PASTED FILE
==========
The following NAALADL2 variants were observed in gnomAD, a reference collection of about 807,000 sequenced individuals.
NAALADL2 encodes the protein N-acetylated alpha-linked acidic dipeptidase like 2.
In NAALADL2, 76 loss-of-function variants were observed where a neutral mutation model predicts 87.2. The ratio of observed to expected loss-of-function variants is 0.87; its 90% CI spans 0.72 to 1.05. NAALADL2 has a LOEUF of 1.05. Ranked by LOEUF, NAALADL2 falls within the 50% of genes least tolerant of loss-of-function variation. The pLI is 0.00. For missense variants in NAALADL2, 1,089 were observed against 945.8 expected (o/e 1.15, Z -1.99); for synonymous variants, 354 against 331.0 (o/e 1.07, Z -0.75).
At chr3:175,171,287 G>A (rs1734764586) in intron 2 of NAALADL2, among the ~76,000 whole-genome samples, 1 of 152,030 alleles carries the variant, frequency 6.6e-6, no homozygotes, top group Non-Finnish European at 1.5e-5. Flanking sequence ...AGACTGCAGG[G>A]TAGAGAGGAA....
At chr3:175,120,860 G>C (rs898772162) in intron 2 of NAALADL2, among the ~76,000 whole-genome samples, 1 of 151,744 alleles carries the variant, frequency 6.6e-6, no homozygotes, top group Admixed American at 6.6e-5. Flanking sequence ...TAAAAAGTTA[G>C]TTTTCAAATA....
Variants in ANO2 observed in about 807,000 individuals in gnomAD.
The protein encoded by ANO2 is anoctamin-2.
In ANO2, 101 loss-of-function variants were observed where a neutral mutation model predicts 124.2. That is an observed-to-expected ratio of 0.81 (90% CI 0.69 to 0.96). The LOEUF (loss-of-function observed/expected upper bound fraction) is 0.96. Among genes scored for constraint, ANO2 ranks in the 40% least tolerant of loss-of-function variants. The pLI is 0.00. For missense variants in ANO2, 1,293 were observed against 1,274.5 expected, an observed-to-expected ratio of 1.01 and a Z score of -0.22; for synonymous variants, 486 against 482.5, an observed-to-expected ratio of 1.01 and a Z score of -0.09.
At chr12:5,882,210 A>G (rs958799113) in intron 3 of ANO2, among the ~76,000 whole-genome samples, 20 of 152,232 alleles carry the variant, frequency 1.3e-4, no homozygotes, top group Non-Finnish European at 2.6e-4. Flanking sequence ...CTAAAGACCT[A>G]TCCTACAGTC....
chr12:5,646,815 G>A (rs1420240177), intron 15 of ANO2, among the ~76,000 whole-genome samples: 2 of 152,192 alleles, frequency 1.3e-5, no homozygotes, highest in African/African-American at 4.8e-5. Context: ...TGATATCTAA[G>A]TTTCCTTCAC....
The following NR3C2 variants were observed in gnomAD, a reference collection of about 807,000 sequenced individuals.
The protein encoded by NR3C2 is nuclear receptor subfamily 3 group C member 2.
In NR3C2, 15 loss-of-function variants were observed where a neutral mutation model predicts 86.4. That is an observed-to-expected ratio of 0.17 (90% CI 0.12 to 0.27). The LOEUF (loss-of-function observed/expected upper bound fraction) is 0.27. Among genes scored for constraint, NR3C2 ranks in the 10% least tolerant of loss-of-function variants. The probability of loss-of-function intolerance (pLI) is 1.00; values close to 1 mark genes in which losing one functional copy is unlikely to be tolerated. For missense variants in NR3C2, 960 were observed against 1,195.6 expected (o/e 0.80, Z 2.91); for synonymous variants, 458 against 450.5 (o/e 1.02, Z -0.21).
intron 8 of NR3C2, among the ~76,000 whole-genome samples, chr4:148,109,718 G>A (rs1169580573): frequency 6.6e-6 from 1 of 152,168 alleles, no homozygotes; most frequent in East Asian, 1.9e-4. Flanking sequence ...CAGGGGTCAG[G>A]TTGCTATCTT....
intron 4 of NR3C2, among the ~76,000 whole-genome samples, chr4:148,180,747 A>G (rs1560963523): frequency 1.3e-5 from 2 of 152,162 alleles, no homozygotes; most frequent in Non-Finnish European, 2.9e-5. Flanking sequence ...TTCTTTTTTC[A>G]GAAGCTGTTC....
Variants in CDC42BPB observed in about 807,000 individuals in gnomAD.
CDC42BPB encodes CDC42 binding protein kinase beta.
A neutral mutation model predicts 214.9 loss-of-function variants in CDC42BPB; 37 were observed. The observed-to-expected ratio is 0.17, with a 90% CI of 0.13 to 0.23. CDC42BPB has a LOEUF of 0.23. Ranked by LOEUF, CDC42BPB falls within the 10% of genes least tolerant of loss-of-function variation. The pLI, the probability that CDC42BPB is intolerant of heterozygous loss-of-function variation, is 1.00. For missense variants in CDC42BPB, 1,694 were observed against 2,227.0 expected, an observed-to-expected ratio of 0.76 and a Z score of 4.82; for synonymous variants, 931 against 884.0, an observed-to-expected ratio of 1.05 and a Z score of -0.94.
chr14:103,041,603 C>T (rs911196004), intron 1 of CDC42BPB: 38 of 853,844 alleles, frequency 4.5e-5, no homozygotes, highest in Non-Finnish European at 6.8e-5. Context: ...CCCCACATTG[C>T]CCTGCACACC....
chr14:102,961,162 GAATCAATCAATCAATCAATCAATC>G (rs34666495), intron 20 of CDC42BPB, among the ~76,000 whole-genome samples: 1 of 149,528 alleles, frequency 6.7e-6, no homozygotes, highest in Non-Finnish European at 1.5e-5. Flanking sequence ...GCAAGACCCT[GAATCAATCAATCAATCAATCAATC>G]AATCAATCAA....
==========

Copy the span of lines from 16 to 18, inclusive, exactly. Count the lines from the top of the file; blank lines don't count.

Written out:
Variants in CDC42BPB observed in about 807,000 individuals in gnomAD.
CDC42BPB encodes CDC42 binding protein kinase beta.
A neutral mutation model predicts 214.9 loss-of-function variants in CDC42BPB; 37 were observed. The observed-to-expected ratio is 0.17, with a 90% CI of 0.13 to 0.23. CDC42BPB has a LOEUF of 0.23. Ranked by LOEUF, CDC42BPB falls within the 10% of genes least tolerant of loss-of-function variation. The pLI, the probability that CDC42BPB is intolerant of heterozygous loss-of-function variation, is 1.00. For missense variants in CDC42BPB, 1,694 were observed against 2,227.0 expected, an observed-to-expected ratio of 0.76 and a Z score of 4.82; for synonymous variants, 931 against 884.0, an observed-to-expected ratio of 1.05 and a Z score of -0.94.